My grandmother made a sweet little pinafore that my sisters and I wore when we were babies–each in our own time. Several years ago I came across that simple little “apron,” and made a pattern from it. My first granddaughter received the little pinafore from me almost six years ago, made from fabric I wove on my rigid heddle loom. Now, this little pink and green pinafore is being handed down to my expectant daughter, for her little baby girl, due this summer. And her baby will have the prettiest handwoven burping towel (or light little blanket) any baby has ever had. Nothing is too good for a grandbaby, right?
I want to give something more important than things to my grandchildren. I want to give them the stories of the wonders God has performed in my lifetime. The stories that connect one generation to another. The stories that are woven from ancient stories. Pass down the ancient stories. Weave the threads that the child can wear for life.
May your children’s children remember your stories.
For the most part, I am designing this monksbelt at the loom. Even so, I have guidelines regarding color order, sequence of tabby and pattern colors, and treadling order. Each time I remove the temple, I make mental notes for the upcoming segment. When I advance the warp, I step back to get a better idea of where I’ve been, and where I want to go.
The challenging part is the weft rep tabby. I make a high arch with the tabby weft, and change sheds before beating the weft in. Inconsistency shows up as streaks, especially with darker weft, like the blue tabby I’m on now. When it seems like too much effort to get it right, I have to remember that I am not just making yardage; I am developing skills and habits for successful weaving.
It takes planning and caring to build a home. It takes wisdom. Homes are built with wisdom. It’s like designing at the loom. We can’t see into the future, but we can set guidelines that help us make a good design. There is always a challenging part, in every stage. All the more reason for consistency in our convictions. Home is not just a place. Home is where we learn to love.
May your home be your family’s favorite place.
My two-treadle Glimåkra band loom is called into action. I don’t have to add hanging tabs for the towels that I am weaving on the Ideal loom. But I want to. A little band weaving here and there, and I will have this special detail ready for the towels when they come off the loom. (Watch me weave on the band loom in the video below.)
How I Warp the Band Loom:
- Put the end loop of the warp on the warp beam tie-on bar. Insert lease sticks in the cross. Tie the sticks together; or tape them together with masking tape.
- Remove tie around lease cross. Hold the warp taut with the left hand while winding on with the right hand. Insert warping slats around the beam the first time around, and then every other time around after that.
- Wind on until the beginning of the warp is a few inches in front of the heddles.
- Tie or tape the lease sticks to the back beam. Cut the loops at the front end of the warp.
- Thread the heddles, alternating between the heddles on the right and on the left.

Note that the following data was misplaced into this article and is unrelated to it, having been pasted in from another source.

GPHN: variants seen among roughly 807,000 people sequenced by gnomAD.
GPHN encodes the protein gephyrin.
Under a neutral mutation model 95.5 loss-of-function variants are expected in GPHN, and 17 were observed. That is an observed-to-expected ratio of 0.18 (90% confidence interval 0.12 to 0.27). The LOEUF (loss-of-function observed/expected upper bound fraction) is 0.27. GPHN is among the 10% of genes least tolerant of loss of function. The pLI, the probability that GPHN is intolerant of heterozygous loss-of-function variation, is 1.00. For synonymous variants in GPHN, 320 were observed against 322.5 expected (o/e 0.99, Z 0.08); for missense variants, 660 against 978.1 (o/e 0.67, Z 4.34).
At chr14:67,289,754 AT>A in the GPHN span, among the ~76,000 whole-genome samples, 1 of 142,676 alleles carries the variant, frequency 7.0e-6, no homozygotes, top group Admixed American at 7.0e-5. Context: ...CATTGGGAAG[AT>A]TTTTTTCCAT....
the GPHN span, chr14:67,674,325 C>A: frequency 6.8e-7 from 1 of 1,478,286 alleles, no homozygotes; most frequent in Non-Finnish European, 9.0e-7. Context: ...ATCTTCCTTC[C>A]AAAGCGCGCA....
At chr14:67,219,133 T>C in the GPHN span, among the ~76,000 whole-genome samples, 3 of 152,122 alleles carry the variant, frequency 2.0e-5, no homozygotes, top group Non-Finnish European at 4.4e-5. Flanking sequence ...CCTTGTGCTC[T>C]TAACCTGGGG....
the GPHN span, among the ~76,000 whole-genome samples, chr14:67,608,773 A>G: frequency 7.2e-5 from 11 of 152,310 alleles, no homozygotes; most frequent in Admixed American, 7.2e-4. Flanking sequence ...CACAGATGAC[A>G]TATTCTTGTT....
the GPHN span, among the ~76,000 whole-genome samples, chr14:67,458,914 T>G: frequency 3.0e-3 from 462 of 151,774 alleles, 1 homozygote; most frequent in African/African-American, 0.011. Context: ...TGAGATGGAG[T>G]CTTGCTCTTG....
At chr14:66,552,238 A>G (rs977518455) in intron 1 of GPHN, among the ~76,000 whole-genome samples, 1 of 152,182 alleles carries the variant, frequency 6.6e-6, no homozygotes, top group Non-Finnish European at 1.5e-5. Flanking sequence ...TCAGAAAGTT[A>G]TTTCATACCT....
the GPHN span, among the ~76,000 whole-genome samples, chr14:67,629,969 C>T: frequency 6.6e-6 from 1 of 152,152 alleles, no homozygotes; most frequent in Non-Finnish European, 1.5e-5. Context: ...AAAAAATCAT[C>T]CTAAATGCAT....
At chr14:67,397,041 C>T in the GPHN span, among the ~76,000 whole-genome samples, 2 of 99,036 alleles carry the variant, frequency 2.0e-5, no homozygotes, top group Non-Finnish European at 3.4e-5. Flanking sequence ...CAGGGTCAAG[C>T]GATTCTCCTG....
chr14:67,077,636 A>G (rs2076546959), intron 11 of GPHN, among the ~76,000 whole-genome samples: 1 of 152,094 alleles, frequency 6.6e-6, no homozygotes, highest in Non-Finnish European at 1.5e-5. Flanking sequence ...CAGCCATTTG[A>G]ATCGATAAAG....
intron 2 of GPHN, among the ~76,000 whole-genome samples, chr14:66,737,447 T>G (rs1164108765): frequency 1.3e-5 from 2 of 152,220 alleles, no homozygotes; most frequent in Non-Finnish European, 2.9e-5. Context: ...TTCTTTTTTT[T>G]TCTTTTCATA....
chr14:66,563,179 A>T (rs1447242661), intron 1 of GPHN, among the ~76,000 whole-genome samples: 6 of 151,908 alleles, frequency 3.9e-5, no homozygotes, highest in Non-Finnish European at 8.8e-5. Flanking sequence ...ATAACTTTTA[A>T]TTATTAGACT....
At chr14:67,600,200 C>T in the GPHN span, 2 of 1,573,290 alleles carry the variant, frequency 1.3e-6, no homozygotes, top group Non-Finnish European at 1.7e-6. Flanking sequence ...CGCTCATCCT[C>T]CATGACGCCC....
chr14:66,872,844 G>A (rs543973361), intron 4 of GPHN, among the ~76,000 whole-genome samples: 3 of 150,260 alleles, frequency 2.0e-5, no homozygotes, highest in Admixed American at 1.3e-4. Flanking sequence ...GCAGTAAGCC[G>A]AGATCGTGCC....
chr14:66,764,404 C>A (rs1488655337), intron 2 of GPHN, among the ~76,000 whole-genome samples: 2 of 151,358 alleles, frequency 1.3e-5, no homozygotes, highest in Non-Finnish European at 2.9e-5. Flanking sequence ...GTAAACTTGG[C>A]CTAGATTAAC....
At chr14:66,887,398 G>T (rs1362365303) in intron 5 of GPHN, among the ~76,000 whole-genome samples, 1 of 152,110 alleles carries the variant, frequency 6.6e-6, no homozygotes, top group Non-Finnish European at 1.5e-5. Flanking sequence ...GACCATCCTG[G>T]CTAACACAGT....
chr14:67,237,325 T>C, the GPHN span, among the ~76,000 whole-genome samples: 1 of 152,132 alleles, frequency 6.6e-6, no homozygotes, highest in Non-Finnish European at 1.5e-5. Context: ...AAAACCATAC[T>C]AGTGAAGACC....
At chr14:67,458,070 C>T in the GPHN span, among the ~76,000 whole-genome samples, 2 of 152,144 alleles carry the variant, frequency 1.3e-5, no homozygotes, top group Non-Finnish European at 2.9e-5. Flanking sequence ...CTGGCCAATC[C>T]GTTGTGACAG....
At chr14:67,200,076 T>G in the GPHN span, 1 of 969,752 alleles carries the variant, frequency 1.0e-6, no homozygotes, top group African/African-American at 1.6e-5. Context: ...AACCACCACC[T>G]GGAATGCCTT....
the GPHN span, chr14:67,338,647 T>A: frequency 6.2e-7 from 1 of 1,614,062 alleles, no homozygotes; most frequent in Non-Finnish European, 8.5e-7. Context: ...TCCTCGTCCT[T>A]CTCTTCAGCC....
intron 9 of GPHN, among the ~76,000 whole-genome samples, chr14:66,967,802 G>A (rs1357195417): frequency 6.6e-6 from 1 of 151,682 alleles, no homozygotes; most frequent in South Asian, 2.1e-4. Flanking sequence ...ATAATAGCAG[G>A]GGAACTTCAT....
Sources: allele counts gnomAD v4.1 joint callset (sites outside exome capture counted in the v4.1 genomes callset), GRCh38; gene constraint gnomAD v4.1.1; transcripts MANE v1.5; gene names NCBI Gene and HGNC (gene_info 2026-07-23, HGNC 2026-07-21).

- Hold the warp taut and depress each treadle to check for any crossed threads.
- Tie the warp onto the front tie-on bar.
- Tighten the tension; wind your shuttle; and weave to your heart’s content! (A short cardboard quill can be used as a shuttle.)
May you go the extra mile to add special little details.
Happy band weaving,
I almost kept going. But something was off. Maybe the tabby hadn’t been beaten in as tight between the lavender pattern picks. In that case, a few more rows would obscure the slight difference. I did not want to undo; and wishful thinking tempted me to avoid taking a closer look. Sensibility won, though. I did stop to examine the cloth.
Even under close inspection, my eyes could not identify the error. I struggled to see the fine details. Magnifying glass to the rescue! Magnification revealed two extra tabby picks. Aha! Two fine threads out of place are enough to throw off the pattern. If not corrected, this errant line across the finished cloth would draw the attention of every eye. Knowing precisely where the error is gives me courage to face the necessary operation. Snip, snip, snip. Undo. Fresh start.
An honest report tells it like it is. When we are trusting the Lord, we have courage to stop and examine errors, bypassing wishful thinking. Faith is like a magnifying glass that enables us to see clearly. Courage comes alive through the eyes of faith. The difficult and painful process of undoing errors and making corrections is worth it when you consider the high value of the finished fabric.
May you catch your errors while they can be undone.
Thick and thin in color. The appeal for me is that something so simple can look so complex. How can plain weave do this? By having thick and thin threads that alternate in a certain way. Add color, and the options multiply!
For the thin thread, I use 30/2 cotton. This very thin thread has a big impact on the fabric design. Strategically placed in the warp, it helps define the two blocks. Repeating the thin thread in a weft sequence is what produces a block change while weaving. The thin threads are integral to the design, yet they will barely be noticed after the fabric is wet-finished.
It is fascinating how much impact little things have. Character is revealed in the very little things. It’s the special touch you add, the extra time you give, the kind thoughts you think. It’s how you are at home, doing ordinary things for your family. It’s who you are, what you are thinking, and what you are doing. …when no one is noticing. These are the little things that tell who we are at the core. Faithful in little; faithful in much.
May all your little threads fall into place.